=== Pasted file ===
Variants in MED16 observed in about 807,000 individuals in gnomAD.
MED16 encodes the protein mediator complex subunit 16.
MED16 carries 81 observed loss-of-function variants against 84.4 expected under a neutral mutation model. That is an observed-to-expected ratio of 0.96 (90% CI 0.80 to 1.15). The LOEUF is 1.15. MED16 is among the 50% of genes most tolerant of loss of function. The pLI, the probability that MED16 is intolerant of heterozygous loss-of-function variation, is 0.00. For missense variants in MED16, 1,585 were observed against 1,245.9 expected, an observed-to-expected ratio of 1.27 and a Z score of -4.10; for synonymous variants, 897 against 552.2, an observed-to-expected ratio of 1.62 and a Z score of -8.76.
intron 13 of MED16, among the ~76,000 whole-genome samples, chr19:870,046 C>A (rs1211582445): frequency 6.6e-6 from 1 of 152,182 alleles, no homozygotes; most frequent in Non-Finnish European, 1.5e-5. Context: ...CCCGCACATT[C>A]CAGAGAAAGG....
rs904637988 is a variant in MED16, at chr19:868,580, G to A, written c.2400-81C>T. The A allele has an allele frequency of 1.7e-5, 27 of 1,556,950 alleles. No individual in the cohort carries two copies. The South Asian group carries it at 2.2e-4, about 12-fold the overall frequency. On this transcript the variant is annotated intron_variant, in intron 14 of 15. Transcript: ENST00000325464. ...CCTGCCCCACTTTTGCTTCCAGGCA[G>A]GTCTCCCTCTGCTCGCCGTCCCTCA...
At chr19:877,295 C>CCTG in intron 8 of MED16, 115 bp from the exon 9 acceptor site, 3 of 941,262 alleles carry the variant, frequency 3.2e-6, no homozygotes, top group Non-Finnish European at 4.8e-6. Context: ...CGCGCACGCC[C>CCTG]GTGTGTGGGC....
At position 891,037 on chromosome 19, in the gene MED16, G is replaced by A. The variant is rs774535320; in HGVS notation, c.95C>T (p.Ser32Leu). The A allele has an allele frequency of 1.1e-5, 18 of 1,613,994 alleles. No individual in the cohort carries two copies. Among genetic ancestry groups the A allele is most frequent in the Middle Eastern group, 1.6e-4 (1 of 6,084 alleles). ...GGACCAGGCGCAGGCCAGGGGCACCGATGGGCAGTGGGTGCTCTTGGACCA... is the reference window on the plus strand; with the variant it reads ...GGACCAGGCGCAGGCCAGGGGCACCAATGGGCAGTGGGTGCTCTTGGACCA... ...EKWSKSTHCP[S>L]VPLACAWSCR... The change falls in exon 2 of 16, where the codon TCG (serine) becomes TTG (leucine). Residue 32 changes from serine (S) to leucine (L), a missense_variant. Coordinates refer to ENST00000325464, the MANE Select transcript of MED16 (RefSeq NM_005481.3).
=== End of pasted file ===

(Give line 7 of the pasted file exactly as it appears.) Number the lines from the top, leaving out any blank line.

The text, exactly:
At position 891,037 on chromosome 19, in the gene MED16, G is replaced by A. The variant is rs774535320; in HGVS notation, c.95C>T (p.Ser32Leu). The A allele has an allele frequency of 1.1e-5, 18 of 1,613,994 alleles. No individual in the cohort carries two copies. Among genetic ancestry groups the A allele is most frequent in the Middle Eastern group, 1.6e-4 (1 of 6,084 alleles). ...GGACCAGGCGCAGGCCAGGGGCACCGATGGGCAGTGGGTGCTCTTGGACCA... is the reference window on the plus strand; with the variant it reads ...GGACCAGGCGCAGGCCAGGGGCACCAATGGGCAGTGGGTGCTCTTGGACCA... ...EKWSKSTHCP[S>L]VPLACAWSCR... The change falls in exon 2 of 16, where the codon TCG (serine) becomes TTG (leucine). Residue 32 changes from serine (S) to leucine (L), a missense_variant. Coordinates refer to ENST00000325464, the MANE Select transcript of MED16 (RefSeq NM_005481.3).